Identifying susceptibility loci for nicotine dependence: 2008 update based on recent genome-wide linkage analyses
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- Li, M.D. Hum Genet (2008) 123: 119. doi:10.1007/s00439-008-0473-0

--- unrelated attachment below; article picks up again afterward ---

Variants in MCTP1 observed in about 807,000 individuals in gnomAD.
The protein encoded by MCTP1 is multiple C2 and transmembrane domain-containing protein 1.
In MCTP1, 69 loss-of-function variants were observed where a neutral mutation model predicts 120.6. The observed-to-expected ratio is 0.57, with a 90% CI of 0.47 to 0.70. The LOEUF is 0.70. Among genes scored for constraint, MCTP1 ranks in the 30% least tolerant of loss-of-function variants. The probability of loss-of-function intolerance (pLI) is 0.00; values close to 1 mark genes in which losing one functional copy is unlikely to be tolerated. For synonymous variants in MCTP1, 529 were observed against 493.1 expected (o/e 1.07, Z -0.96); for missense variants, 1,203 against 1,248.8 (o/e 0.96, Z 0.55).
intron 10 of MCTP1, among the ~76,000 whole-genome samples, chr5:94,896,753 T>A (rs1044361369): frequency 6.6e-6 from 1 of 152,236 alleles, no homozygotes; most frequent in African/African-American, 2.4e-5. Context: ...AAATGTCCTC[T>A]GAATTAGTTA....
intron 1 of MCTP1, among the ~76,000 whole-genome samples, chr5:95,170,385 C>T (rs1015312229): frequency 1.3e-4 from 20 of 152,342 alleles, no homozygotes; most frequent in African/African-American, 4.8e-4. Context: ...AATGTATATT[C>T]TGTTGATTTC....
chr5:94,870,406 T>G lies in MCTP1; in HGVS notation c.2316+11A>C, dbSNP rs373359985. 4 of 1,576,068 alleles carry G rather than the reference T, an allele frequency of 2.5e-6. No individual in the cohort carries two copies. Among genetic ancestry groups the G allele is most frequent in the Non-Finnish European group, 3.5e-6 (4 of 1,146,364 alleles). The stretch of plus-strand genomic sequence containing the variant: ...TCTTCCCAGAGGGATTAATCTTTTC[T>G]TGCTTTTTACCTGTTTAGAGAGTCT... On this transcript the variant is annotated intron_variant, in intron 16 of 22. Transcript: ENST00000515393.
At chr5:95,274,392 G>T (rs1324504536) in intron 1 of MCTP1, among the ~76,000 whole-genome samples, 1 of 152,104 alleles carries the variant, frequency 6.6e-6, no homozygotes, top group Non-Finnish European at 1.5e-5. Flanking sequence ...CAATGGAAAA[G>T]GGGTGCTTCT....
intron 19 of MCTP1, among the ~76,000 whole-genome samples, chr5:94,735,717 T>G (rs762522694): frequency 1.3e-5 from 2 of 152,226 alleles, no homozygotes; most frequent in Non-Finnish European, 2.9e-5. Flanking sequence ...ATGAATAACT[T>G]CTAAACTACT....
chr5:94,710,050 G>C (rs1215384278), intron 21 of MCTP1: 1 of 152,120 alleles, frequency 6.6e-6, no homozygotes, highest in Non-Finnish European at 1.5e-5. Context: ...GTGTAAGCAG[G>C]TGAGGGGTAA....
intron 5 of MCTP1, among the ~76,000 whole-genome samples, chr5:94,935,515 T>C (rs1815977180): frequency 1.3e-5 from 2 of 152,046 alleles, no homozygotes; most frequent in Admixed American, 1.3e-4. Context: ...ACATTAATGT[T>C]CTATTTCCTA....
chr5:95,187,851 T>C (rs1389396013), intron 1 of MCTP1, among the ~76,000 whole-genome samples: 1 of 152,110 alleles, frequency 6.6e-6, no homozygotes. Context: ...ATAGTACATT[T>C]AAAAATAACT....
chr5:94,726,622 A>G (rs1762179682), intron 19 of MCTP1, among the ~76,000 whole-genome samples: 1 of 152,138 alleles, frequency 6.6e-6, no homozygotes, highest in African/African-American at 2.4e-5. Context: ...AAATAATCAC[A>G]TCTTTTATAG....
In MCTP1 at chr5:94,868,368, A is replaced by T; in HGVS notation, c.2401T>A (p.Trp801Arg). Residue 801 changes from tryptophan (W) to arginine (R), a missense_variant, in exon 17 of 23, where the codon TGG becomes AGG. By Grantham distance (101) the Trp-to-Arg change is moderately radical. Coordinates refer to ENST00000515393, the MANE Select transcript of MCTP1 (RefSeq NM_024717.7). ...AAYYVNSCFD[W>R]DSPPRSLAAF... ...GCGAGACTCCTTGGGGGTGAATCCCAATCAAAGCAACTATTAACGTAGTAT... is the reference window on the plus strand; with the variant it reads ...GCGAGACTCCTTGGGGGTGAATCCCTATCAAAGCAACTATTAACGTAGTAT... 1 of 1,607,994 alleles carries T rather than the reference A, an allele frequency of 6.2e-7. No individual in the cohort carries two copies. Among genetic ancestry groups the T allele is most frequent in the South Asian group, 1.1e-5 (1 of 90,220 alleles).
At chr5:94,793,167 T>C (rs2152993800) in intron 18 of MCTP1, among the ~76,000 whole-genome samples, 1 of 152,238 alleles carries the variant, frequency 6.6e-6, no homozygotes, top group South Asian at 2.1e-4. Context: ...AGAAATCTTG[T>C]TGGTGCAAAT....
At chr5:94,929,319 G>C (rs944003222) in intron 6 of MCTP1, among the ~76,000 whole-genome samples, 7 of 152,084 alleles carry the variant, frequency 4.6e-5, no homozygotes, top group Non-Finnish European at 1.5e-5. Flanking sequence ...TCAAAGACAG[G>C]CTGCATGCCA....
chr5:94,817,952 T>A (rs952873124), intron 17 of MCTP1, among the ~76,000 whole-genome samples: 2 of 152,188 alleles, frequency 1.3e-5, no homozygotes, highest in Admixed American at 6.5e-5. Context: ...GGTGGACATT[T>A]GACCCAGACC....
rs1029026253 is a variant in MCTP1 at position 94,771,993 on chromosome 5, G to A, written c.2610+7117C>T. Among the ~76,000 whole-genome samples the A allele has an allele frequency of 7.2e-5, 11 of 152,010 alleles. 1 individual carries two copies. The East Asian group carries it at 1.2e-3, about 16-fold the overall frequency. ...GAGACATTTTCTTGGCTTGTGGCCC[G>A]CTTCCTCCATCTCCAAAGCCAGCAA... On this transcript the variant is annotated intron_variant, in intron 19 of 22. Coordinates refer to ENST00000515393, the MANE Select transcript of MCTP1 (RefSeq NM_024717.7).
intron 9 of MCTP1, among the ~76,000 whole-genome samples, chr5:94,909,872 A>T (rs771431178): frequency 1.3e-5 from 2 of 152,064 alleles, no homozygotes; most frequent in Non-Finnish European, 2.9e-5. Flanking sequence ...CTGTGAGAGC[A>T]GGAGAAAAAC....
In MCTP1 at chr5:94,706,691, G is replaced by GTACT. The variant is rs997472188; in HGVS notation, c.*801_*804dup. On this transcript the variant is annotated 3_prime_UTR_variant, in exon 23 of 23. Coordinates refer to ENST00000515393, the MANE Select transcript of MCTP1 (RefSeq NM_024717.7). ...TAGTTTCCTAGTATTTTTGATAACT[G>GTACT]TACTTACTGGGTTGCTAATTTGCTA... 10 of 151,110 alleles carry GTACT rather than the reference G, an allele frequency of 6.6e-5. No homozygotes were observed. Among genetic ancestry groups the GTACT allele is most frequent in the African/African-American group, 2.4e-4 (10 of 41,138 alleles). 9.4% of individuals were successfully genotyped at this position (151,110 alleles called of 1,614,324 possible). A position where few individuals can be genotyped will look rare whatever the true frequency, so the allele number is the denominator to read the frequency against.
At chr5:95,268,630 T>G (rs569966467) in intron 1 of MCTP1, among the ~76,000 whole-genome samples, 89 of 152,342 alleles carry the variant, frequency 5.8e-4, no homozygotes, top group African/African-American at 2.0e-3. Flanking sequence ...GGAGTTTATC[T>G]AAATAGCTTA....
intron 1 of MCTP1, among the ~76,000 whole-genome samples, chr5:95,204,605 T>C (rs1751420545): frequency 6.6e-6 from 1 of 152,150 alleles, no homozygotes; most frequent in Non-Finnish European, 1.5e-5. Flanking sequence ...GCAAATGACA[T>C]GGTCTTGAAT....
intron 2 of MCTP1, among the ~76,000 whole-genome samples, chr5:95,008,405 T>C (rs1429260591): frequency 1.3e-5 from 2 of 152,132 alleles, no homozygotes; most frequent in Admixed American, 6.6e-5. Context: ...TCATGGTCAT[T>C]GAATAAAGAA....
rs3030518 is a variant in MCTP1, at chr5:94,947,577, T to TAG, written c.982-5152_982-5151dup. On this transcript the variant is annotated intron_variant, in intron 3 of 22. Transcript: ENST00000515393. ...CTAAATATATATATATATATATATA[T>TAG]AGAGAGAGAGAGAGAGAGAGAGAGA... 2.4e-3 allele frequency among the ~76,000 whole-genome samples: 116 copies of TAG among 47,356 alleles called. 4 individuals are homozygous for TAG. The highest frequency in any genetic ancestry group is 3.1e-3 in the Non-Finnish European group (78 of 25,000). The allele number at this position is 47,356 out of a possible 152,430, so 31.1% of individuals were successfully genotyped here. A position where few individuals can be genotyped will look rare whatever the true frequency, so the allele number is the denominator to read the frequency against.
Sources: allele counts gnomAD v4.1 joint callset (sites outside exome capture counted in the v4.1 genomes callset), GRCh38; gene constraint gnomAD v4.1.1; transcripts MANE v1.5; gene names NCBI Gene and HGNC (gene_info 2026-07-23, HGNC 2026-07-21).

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Tobacco smoking is a severe health hazard worldwide, as nearly one-third of the global adult population smokes tobacco products. This high prevalence highlights the importance of studying the genetic determinants of nicotine dependence (ND). To identify such genetic factors, more than 20 genome-wide linkage studies have been conducted across different populations using a variety of ND assessment approaches, including smoking quantity (SQ), Heaviness of Smoking Index (HSI), Fagerström Test for Nicotine Dependence (FTND), ever-smoking, habitual smoking, or maximum number of cigarettes smoked in a 24-h period. This review provides a critical update on the progress during the years since our last review, published in 2004, in identifying susceptibility loci for ND. Although a significant number of reported genomic regions did not reach the level of “suggestive” or “significant” linkage and failed to be replicated in other independent studies, thirteen regions, located on chromosomes 3–7, 9–11, 17, 20, and 22, have been found to be suggestive or significant in at least two independent samples. Among them, the regions on chromosomes 9 (91.9–136.5 cM), 10, 11, and 17 have received the strongest support. A summary of eight regions that have been nominated for “significant” linkage to ND is provided.